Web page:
Osteopathy, Voice and Singing: block of the phonatory tripod and loss of the high vocal range, histo



Today, during a presentation at McGill University in Montreal, A., soprano, presented herself as a volunteer, reporting changes in her voice that occurred about 4 years ago. A., a full-time professional singer has lost his fullness of sound since after menopause.


At her assessment, her larynx was extremely high and the root of her tongue very stiff. She could not sustain the upper passage notes due to the position of the larynx, which was associated with a dysfunction of the base of the skull.


The first thing you A. reported was that she had an enormous feeling that she had lost her voice completely. In fact, during the presentation she underwent osteopathic treatment and before and after this, a speech therapist made an evaluation of the vocal box and measured her emission. A. also developed a vocal oscillation related to a 'snap' diaphragmatic operation.


Her voice has lost much of her color. The pharyngeal wall was closed at the back of the tongue, resulting in poor resonance and trill in the voice. The osteopathic treatment provided, for the time available and the context, the realignment of her 'instrument' and the phonatory tripod with synchronization of the vocal box with the thoracic diaphragm.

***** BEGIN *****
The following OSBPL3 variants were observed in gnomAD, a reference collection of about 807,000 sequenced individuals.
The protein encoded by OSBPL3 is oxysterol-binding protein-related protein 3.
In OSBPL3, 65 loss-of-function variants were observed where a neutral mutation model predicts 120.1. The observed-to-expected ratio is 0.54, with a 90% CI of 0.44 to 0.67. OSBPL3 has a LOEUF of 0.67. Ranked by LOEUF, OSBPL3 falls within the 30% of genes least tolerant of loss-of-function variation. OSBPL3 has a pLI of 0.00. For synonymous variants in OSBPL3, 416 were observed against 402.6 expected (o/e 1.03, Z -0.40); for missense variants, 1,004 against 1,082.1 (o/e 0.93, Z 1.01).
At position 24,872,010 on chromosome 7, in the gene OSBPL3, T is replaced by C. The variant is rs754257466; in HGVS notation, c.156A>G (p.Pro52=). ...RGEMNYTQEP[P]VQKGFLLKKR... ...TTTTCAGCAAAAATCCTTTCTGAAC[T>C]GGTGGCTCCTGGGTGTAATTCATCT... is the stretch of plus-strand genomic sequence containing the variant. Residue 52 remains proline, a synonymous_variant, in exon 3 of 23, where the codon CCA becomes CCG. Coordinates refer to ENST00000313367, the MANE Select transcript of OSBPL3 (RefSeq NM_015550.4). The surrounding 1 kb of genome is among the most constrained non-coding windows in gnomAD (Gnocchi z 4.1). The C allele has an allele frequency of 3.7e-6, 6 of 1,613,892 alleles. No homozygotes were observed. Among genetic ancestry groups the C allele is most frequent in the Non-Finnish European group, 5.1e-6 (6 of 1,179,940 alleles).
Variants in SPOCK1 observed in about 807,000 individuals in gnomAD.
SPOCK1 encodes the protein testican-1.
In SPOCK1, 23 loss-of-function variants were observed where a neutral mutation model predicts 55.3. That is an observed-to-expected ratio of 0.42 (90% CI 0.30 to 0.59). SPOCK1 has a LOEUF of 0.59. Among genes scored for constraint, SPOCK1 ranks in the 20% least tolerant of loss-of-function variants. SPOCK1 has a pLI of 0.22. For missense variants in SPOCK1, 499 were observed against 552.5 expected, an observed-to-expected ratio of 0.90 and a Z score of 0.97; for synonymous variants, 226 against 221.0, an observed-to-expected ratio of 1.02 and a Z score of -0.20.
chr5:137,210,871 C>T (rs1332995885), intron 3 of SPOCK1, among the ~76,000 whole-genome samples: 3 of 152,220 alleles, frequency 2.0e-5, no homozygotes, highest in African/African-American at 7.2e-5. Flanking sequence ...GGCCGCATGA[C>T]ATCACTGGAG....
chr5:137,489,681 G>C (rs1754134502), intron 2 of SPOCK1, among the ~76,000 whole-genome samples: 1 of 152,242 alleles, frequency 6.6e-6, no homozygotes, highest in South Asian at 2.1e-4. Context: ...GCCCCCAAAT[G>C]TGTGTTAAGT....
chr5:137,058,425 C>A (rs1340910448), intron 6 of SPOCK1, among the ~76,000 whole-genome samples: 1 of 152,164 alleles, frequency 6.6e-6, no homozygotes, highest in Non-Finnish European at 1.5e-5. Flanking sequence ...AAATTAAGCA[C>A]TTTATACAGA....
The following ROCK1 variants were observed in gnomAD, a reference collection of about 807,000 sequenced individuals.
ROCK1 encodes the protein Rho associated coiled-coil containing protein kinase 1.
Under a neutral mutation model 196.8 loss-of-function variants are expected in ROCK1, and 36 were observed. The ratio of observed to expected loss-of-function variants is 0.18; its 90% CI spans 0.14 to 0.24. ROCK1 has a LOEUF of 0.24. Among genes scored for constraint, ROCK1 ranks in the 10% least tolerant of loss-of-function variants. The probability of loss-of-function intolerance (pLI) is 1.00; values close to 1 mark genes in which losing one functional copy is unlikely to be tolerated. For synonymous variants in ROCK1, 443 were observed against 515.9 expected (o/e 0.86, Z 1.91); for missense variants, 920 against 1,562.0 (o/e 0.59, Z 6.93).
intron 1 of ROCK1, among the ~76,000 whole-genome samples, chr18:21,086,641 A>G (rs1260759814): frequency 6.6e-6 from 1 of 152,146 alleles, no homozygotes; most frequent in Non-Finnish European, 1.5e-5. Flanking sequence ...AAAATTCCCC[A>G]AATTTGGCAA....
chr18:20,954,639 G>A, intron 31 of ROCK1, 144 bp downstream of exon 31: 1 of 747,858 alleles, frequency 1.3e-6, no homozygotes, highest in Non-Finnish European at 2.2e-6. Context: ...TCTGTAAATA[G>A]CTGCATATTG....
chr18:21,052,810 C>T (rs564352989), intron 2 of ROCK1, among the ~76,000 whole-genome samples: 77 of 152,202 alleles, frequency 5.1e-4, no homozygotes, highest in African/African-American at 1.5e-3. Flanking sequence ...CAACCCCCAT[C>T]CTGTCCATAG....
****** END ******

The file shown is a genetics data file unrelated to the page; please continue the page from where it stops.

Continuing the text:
Certainly the most difficult aspect was working with physiological responses. For the first time since taking ENT courses at Columbia University, I experienced the real anxiety of finding myself in front of some who were my lecturers at the time. At the end of the treatment, the speech therapist redid the evaluation and her emission had improved giving her the opportunity to perform better some notes in a higher range, A. she no longer felt 'hanged'. I advised A. to undergo some osteopathic treatments in order to recover her artistic qualities. You will be recommending a Canadian colleague I have collaborated with in the past.


There is a very close relationship between psychology and the voice. The identity of a singer is connected to the act of singing. When the voice is no longer 'healthy', the artist's self-esteem also suffers.

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